In the article “Competency Benchmarks:  A Model for Understanding and Measuring Competence in Professional Psychology Across Training Levels” published in the journal Training and Education in Professional Psychology, the authors describe the Benchmarks Document, which outlines core foundational and functional competencies in professional psychology across three levels of professional development:  readiness for practicum, readiness for internship, and readiness for entry to practice.

Meant to serve as a resource for supervisors but also likely to be of great interest to trainees, the Competency Benchmarks Document lists core competencies and behavioral indicators in an effort to provide operational descriptions of the essential components for each level of training.

The workgroup used as a starting point the “Competency Cube” model proposed by Rodolfa, et al. (2005), in which three dimensions of competency intersect:

1.       Functional Competency Domains (e.g., Assessment / Diagnosis / Conceptualization, Intervention, Consultation…)
2.       Foundational Competency Domains (e.g. Professional Practice / Self-Assessment, Scientific Knowledge and Methods, Relationships…)
3.       Stages of Professional Development (e.g. Doctoral Education, Doctoral Internship / Residency, Post Doctoral Supervision…)

The Benchmarks Document Workgroup chose not to address the interweaving of functional and foundation competencies, and additionally focused more directly on preparing for health service practice.  The focus of the Workgroup was on operationally defining each competency.  Each competency was first defined, and then broken into its essential components, with behavioral anchors defined for each essential component that demonstrates the threshold for competent performance at that level of training.

As a result, the Workgroup defined 15 core competencies, with essential components and behavioral anchors for each essential component at the three levels of professional development (readiness for practicum, readiness for internship, and readiness for entry to practice).  They are as follows:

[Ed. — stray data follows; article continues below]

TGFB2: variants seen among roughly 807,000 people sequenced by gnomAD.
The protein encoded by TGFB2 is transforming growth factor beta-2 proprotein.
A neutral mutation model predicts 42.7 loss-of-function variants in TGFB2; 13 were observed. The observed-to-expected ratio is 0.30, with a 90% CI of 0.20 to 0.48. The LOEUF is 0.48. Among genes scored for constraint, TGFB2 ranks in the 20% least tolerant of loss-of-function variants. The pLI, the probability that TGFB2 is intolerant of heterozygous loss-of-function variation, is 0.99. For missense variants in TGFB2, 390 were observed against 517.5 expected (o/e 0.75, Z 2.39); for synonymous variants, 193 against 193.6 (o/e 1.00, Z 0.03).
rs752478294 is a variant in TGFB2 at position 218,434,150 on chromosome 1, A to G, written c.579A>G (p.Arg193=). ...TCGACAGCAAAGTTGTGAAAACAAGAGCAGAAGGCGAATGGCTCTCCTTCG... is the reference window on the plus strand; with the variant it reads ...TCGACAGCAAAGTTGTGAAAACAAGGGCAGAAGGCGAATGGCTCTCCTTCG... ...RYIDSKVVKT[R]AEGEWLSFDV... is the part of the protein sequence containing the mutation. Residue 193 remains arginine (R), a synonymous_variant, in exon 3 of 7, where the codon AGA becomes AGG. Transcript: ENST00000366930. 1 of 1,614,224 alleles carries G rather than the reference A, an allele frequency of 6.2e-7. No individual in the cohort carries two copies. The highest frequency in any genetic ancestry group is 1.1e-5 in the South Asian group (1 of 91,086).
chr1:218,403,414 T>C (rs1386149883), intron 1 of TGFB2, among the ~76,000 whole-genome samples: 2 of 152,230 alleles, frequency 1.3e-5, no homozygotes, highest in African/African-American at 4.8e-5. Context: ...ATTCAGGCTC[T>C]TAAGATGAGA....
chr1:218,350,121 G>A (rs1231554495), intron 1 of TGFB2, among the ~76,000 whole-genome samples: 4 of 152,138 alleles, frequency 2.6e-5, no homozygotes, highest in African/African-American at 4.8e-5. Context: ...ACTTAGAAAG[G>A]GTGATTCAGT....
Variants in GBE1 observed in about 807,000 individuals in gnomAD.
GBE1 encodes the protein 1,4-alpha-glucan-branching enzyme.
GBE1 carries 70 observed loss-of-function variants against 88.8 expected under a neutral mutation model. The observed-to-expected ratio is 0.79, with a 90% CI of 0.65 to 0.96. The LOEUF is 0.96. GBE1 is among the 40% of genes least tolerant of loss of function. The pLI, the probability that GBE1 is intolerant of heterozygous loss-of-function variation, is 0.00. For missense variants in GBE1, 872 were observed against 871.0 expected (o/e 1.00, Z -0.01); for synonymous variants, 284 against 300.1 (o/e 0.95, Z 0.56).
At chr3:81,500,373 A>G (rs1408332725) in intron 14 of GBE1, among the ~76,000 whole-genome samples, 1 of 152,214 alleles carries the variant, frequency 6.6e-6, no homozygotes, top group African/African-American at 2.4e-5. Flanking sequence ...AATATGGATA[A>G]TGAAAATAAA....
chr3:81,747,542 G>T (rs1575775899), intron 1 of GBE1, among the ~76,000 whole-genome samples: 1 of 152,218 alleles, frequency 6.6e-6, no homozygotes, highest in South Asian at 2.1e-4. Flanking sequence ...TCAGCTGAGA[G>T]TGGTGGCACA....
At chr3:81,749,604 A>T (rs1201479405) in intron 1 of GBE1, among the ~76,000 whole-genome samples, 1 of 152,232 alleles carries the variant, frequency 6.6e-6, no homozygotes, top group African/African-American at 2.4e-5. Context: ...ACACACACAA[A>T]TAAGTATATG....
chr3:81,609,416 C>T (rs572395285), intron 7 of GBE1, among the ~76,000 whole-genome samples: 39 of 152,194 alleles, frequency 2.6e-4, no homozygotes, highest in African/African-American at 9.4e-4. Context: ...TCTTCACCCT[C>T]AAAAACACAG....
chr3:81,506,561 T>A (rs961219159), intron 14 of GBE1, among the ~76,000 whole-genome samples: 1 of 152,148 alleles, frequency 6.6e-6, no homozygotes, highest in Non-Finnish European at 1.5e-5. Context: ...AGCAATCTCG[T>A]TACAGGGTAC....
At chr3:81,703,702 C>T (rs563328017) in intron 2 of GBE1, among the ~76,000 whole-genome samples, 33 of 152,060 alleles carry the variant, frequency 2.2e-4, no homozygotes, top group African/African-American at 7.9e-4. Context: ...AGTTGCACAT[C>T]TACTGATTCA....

Core Foundational Competencies:
1.       Professionalism
2.       Reflective Practice
3.       Scientific Knowledge and Methods
4.       Relationships
5.       Individual and Cultural Diversity
6.       Ethical and Legal Standards and Policy
7.       Interdisciplinary Systems

Core Functional Competencies:
1.       Assessment
2.       Intervention
3.       Consultation
4.       Research and Evaluation
5.       Supervision
6.       Teaching
7.       Administration
8.       Advocacy

For example, for the Competency of Professionalism, the Workgroup subdivided this competency into the following essential components:

a.      Integrity – Honesty, personal responsibility, and adherence to professional values
b.      Deportment
c.      Accountability
d.      Concern for the Welfare of Others
e.      Professional Identity

The essential component is further defined at each level of training, with behavioral anchors for each level of training.  For example, let’s examine the competency of Professionalism, and within that competency the essential component of Accountability.  Here are the essential components and behavioral anchors for each level of training within this essential component.

Professionalism:  Accountability

Readiness for Practicum:
Essential Component:  Accountable and reliable
Behavioral Anchors:
·         Turns in assignments in accordance with established deadlines
·         Demonstrates personal organization skills
·         Plans and organizes own workload
·         Aware of and follows policies and procedures of institution

Readiness for Internship:
Essential Component:  Consistently reliable; consistently accepts responsibility for own actions
Behavioral Anchors:
·         Completes required case documentation promptly and accurately
·         Accepts responsibility for meeting deadlines
·         Available when “on-call”
·         Acknowledges errors
·         Utilizes supervision to strengthen effectiveness of practice